Homepage / Technology / The crisis over a diversity memo is forcing Google to uphold its values while fostering debate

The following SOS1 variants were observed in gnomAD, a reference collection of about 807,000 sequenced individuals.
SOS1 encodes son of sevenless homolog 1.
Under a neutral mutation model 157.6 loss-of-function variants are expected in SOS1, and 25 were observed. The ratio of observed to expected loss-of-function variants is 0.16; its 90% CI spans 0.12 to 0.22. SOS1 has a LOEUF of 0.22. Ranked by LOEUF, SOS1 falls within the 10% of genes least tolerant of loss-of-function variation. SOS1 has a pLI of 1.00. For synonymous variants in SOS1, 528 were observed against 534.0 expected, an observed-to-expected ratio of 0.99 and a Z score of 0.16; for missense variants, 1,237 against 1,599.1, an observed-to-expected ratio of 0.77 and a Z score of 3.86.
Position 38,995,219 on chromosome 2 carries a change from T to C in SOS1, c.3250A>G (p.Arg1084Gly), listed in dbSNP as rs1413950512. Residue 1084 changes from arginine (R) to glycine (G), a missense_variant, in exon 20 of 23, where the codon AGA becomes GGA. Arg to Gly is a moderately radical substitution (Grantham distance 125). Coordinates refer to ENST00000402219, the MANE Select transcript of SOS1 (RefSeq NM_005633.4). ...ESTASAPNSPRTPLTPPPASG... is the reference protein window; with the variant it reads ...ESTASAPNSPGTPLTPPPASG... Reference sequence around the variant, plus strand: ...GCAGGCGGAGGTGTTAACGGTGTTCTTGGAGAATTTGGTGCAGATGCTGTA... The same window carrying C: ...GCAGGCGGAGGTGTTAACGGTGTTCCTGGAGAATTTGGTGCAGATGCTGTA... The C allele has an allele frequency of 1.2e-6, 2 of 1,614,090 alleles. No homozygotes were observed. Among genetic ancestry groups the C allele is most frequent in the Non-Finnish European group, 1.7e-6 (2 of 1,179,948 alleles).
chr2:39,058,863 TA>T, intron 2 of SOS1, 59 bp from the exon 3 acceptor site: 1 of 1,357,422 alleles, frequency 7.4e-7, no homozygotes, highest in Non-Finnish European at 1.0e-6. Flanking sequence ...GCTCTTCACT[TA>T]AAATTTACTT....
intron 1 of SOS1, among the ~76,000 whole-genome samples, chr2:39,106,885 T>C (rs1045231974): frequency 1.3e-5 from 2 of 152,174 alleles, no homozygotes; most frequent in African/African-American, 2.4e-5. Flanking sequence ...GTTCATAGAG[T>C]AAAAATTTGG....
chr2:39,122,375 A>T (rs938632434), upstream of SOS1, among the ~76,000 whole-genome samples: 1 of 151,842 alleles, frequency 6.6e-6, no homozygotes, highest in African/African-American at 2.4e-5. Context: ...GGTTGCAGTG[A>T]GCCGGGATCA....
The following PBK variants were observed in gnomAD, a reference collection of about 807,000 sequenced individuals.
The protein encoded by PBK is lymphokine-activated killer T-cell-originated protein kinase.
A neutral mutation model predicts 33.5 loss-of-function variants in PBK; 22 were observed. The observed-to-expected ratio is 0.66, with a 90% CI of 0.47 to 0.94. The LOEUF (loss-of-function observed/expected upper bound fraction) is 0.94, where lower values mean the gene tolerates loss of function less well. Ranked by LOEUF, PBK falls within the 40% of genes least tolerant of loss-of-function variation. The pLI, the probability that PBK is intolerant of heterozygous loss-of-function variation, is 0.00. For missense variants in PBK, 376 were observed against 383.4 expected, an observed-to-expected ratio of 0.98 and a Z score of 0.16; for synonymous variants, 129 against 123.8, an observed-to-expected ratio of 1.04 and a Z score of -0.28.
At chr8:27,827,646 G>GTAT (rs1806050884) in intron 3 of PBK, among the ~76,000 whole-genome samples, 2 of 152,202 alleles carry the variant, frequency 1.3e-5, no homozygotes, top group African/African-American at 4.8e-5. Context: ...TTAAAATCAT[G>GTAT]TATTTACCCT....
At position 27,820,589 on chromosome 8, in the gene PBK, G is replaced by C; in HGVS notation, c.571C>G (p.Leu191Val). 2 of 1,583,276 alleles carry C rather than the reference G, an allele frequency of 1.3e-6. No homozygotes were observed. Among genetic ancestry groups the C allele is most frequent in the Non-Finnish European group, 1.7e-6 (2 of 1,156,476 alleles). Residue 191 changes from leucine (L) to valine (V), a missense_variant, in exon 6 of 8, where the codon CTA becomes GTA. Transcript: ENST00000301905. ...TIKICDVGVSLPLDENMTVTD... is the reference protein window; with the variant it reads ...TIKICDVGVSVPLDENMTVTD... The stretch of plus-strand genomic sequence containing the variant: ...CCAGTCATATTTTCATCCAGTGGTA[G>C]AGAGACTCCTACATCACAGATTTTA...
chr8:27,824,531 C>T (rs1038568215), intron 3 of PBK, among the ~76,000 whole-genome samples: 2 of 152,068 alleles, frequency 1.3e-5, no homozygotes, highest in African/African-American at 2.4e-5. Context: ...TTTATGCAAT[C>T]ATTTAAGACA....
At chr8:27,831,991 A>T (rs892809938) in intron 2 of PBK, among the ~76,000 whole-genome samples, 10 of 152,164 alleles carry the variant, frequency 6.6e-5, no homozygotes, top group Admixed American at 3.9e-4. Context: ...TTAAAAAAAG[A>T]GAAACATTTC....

How the Supreme Court may have made Web shopping pricier for just about everyone but Amazon How to choose between an Amazon Echo, a Google Home and an Apple HomePod This floating robotic factory will build satellites and spaceships in orbit Meet the man whose job it is to reassure people that Google search isn’t evil Euro is here to stay: German finance minister China's ZTE expected to take last step to lift ban Cramer Remix: The best way to play the stress test results Red Hat CEO on earnings-led stock drop: 'I would encourage investors to look long term' Apple launches free repair program for MacBook and MacBook Pro keyboards Tesla is suing an ex-employee for hacking into its 'MOS' software — here's what that system does Morgan Stanley sees 'a pattern forming' of the space industry developing like self-driving cars Buy Intel shares because its CEO change will not hurt the chipmaker: Credit Suisse Xiaomi reportedly awards founder $1.5 billion in stock ahead of IPO Tesla reports another fire at Fremont factory Tesla shares drop after analyst raises concern over a rise in its services costs Increased threat of a trade war is ramping up fears of a 'full-blown recession' CarMax shares surge to record high, on pace for their best day in 4 years If energy can clear one hard-to-break level, it’s off to the races, chart watcher says Warren Buffett: 'Any time the market takes a sharp dive,' read this book Supreme Court rules warrants required for cellphone location data Trump urges OPEC to 'keep prices down' as oil cartel's meeting wraps up Cramer: Strength in tech and retail has 'masked' weakness in the broader market Buy EA shares because it is ‘building a Netflix for video games’: Needham What’s at stake in Turkey’s elections, and why Erdogan could actually lose Facebook’s ‘lack of accountability’ in its data scandal spurs European sustainability fund to dump shares Goldman Sachs: GE should suspend dividend for the next 18 months OPEC ministers strike deal on oil production levels Stocks making the biggest moves premarket: BB, MDT, URI, JPM, BAC & more Pro tips on taking great video of your vacation — right from your phone All 35 times the market did this, stocks ended the year higher Bitcoin tumbles after Japan watchdog orders exchanges to beef up practices against money laundering Husband cheating? Ashley Madison says member signups spiked in these cities last year James Comey: Public anger about migrant children is ‘why Trump ran’ from the policy Chinese stocks are flirting with bear market territory as trade worries fester BlackBerry posts quarterly loss Friday will likely be the year's biggest stock market volume day with big action in Apple, JP Morgan Rival Koreas agree to reunions of war-separated families US companies like Micron are accusing China of intimidation and outright theft to dominate tech Disney said it's willing to divest more Fox assets for to get a deal cleared by regulators Tesla is preparing to close a dozen solar facilities in 9 states Uber driver was streaming Hulu show 'The Voice' just before self-driving car crash: Police report OPEC heads into showdown over oil output, with Saudi Arabia and Iran on different sides Chinese media says US has 'delusions' as impact of trade war spreads YouTube introduces paid subscriptions and merchandise selling in bid to help creators monetize the platform Airbus says no-deal Brexit would force it to reconsider UK presence European stocks seen slightly higher ahead of OPEC meeting Euro zone hits 'historic moment' as it closes eight years of financial support to Greece Trade tensions are the biggest risk for the euro zone, the IMF says With freedom to drive, Saudi Arabia's women could change the economy Taiwan's Foxconn says biggest challenge is US-China trade war Euro zone agrees on debt relief package for Greece Asian shares set to decline, taking cues from Wall Street's losses; OPEC meeting ahead Chevrolet is bringing back the Blazer as a crossover Cramer Remix: It was the hottest group in the market until Red Hat reported SpaceX’s Falcon Heavy rocket wins Air Force certification and a $130 million contract Cramer goes out on a limb in support of chipmaker Micron Okta CEO explains why his cybersecurity company has a leg up on big-name tech giants like Microsoft Cramer: CEO change aside, Intel's stock is too cheap at these levels The head of Amazon's marketplace has lost most of his authority amid internal shake-up Alphabet reportedly may spin out molten-salt project with Bill Gates' $1 billion energy fund Red Hat slides on low guidance Tax automation company soars after Supreme Court decision Why Amazon is the winner of the Supreme Court sales tax ruling Why some women are adopting Tom Brady's anti-inflammatory diet Retail companies trying to catch up to the times are scrambling to buy tech start-ups Buy Square shares because its sales will soar from its new services to restaurants: Instinet Former retail CEOs hail online sales tax ruling: Old law rewarded a ‘form of tax evasion’ Mark Zuckerberg is the richest he's ever been — and he's about to beat Warren Buffett Tech pioneer Jaron Lanier says companies should pay for data: 'Let's get out of the manipulation business' Tesla enhancing security at Gigafactory, says they got call that ex-employee threatened violence Kroger shares on track for their best day in 9 years on strong earnings Goldman Sachs: Weak stock market returns are ahead even with booming earnings Trader builds $5 billion position after realizing he wasn't using test program; brokerage says he can't keep his profit Abraaj, a private-equity firm, files for provisional liquidation A wave of new environmental laws is scaring shipowners Glencore dodges American sanctions rather than spurn its friends A maverick French telecoms firm attempts Italian conquest Most stockmarket returns come from a tiny fraction of shares China considers its response to Donald Trump’s proposed tariffs Dutch finance chief opposes latest Franco-German push to bolster euro area Cramer: I have faith others can take charge at Intel after Brian Krzanich's ouster Supreme Court rules that states can force online shoppers to pay sales tax Jim Rogers is the latest aging investing guru to launch an ETF programmed to trade like them Olive Garden owner's shares jump after earnings beat, dividend hike Red-hot chip stock Micron rises as Wall Street gushes over cloud computing memory demand A tech goof might have just leaked the date for Amazon Prime Day Intel's Brian Krzanich forced out as CEO after 'consensual relationship' with employee The Amazon Fire TV Cube is so good I want one for every TV in my house Martin Sorrell says his exit from WPP was like being 'hit by the bus' Micron's quarterly results, forecasts beat on higher chip demand Goldman Sachs upgrades stumbling Verizon and Charter shares: 'The pipes are not broken' The bull case for stocks in three charts Stocks making the biggest moves premarket: DRI, KR, T, VZ, KMB, NKE & more Netflix gets its second $500 price target this week as Wall Street love hits fever pitch Swiss National Bank’s Jordan: We stand ready to intervene in currency markets OPEC kingpin Saudi Arabia just 'threw down the gauntlet' in its push to ramp up production GE may now be a buy after getting kicked out of the Dow. Here's why Diabetes defeated by diet: New fresh-food prescriptions are beating pricey drugs AT&T to launch wireless plans bundled with video after its Time Warner win China warns Trump's 'capricious' trade actions will hurt US workers